I guess “Ishtar” did bomb and was a indeed a disaster, because I’ve never come across the title outside of crosswords. The film stars Warren Beatty and Dustin Hoffman as lounge singers working in Morocco! There’s a Cold War plot and, thank goodness, it’s a comedy. It’s so bad apparently, that it never even made it to DVD.

5. Fort Collins sch. : CSU

Colorado State University (CSU) was founded in Fort Collins in 1870 as the Colorado Agricultural College. The school’s athletic teams are known as the Colorado State Rams, although back in the days of the Colorado Agricultural College, the teams were referred to as the Aggies.

6. Actress Jessica : ALBA

Actress Jessica Alba got her big break when she was cast in the Fox science fiction show “Dark Angel”. Alba had a tough life growing up as she spent a lot of time in hospital and so found it difficult to develop friendships. As a youngster she twice had a collapsed lung, frequently caught pneumonia, suffered from asthma, had a ruptured appendix and a tonsillar cyst. On top of all that, Alba acknowledges that she suffered from obsessive-compulsive disorder as a child.

12. Craft for six puzzle answers : NOAH’S ARK

The term “ark”, when used with reference to Noah, is a translation of the Hebrew word “tebah”. The word “tebah” is also used in the Bible for the basket in which Moses was placed by his mother when she floated him down the Nile. It seems that the word “tebah” doesn’t mean “boat” and nor does it mean “basket”. Rather, a more appropriate translation is “life-preserver” or “life-saver”. So, Noah’s ark was Noah’s life-preserver during the flood.

13. Rapper whose name sounds like a big cat : TYGA

“Tyga” is the stage name of hip hop artist Michael Stevenson from Compton, California. Apparently, the stage name comes from the phrase “thank you God always”.

19. “A Wrinkle in Time” (2018) actress : OPRAH

“A Wrinkle in Time” is a book by Madeleine L’Engle. Published in 1962, it is described as a science fantasy. Included in the book’s cast of characters are Mrs. Whatsit, Mrs. Who and Mrs. Which, all of whom turn out to be supernatural beings who transport the antagonists through the universe. “A Wrinkle in Time” was adapted into a 2018 movie of the same name starring Oprah Winfrey, Reese Witherspoon and Mindy Kaling as the three “Mrs” characters.

31. Can. neighbor : USA

The world’s longest international borders are:

  1. Canada – United States: 5,525 miles
  2. Russia – Kazakhstan: 4,254 miles
  3. Argentina – Chile: 3,293 miles
  4. China – Mongolia: 2,906 miles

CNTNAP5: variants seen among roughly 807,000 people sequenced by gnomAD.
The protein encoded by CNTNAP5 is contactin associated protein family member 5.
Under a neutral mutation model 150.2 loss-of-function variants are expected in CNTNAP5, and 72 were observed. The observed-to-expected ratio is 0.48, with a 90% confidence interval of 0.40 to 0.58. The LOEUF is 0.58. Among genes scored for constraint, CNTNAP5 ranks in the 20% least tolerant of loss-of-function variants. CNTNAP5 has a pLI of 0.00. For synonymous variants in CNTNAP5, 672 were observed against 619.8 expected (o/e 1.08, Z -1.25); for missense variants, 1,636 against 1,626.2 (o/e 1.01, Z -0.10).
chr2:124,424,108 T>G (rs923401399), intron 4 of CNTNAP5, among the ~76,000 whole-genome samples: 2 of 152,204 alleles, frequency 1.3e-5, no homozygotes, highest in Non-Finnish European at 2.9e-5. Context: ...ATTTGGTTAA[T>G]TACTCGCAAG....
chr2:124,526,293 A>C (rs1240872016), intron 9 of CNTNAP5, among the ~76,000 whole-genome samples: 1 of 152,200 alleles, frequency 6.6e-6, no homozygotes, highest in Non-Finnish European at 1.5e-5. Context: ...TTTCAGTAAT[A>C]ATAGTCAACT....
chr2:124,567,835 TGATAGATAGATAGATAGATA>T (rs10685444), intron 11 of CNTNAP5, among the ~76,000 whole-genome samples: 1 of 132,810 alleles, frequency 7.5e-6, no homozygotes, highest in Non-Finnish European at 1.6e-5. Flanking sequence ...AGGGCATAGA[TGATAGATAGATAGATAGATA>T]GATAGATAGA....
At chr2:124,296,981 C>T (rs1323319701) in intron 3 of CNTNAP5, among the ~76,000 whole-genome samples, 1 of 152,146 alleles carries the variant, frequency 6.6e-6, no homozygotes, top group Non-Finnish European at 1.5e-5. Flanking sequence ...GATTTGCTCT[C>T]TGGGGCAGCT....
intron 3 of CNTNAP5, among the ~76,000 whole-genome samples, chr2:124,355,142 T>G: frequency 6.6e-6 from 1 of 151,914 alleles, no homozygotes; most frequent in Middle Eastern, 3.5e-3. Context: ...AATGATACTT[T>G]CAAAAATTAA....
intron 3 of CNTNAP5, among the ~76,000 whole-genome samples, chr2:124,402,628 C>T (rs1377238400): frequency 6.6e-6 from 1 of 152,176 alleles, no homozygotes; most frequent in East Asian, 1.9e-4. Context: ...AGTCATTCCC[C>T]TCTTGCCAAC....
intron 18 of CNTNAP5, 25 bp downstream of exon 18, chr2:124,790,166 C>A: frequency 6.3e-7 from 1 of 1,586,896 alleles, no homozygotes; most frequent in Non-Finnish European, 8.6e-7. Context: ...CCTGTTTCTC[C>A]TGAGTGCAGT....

5. India – Bangladesh: 2,518 miles

35. TV’s “Science Guy” : NYE

That would be “Bill Nye the Science Guy”. Bill’s show ran on PBS for four years, from 1993-97.

37. Honshu port : OSAKA

The Japanese city of Osaka used to be called Naniwa, with the name changing to Osaka sometime before 1500. “Osaka” can be translated either as “large hill” or “large slope”. Osaka is sometimes referred to as “the Chicago of Japan” as it is a major center of commerce and industry. The city has also been named the “nation’s kitchen”, and was a center for Japan’s rice trade for centuries.

Honshu is the largest island in Japan, with the name “Honshu” translating as “Main Island”. It is the seventh largest island in the world.

40. “One card left!” game warning : UNO

UNO is a card game that was developed in the early seventies and that has been sold by Mattel since 1992. UNO falls into the “shedding” family of card games, in that the goal is to get rid of all your cards while preventing opponents from doing the same.

41. 12-Down queueing pattern depicted by six puzzle answers : TWO-BY-TWO

Genesis 6:19-20 states that Noah was instructed to take two animals of every kind into the ark. Later, in Genesis 7:2-3 Noah was instructed to take on board “every clean animal by sevens … male and female, to keep offspring alive on the face of all the earth”. Apparently “extras” (7 rather than 2) were needed for ritual sacrifice.

52. 58-Down default music program : ITUNES
(58. Apple computer : IMAC)

iTunes is a very, very successful software application from Apple. It’s basically a media player that works on platforms like the iPad, iPhone and iPod. It connects seamlessly to the iTunes store, where you can spend all kinds of money.

57. Defunct scandal-plagued company : ENRON

After all the trials following the exposure of fraud at Enron, several of the key players ended up in jail. Andrew Fastow was the Chief Financial Officer. He plea-bargained and received ten years without parole, and became the key witness in the trials of others. Even Fastow’s wife was involved and she was sentenced to one year for helping her husband hide money. Jeffrey Skilling (ex-CEO) was sentenced to 24 years and 4 months. Kenneth Lay (CEO) died in 2006 after he had been found guilty but before he could be sentenced. The accounting firm Arthur Andersen was found guilty of obstruction of justice for shredding thousands of pertinent documents and deleting emails and files (a decision that the Supreme Court later overturned on a technicality). But still, Arthur Andersen collapsed under the weight of the scandal and 85,000 people lost their jobs (despite only a handful being directly involved with Enron).

58. Apple computer : IMAC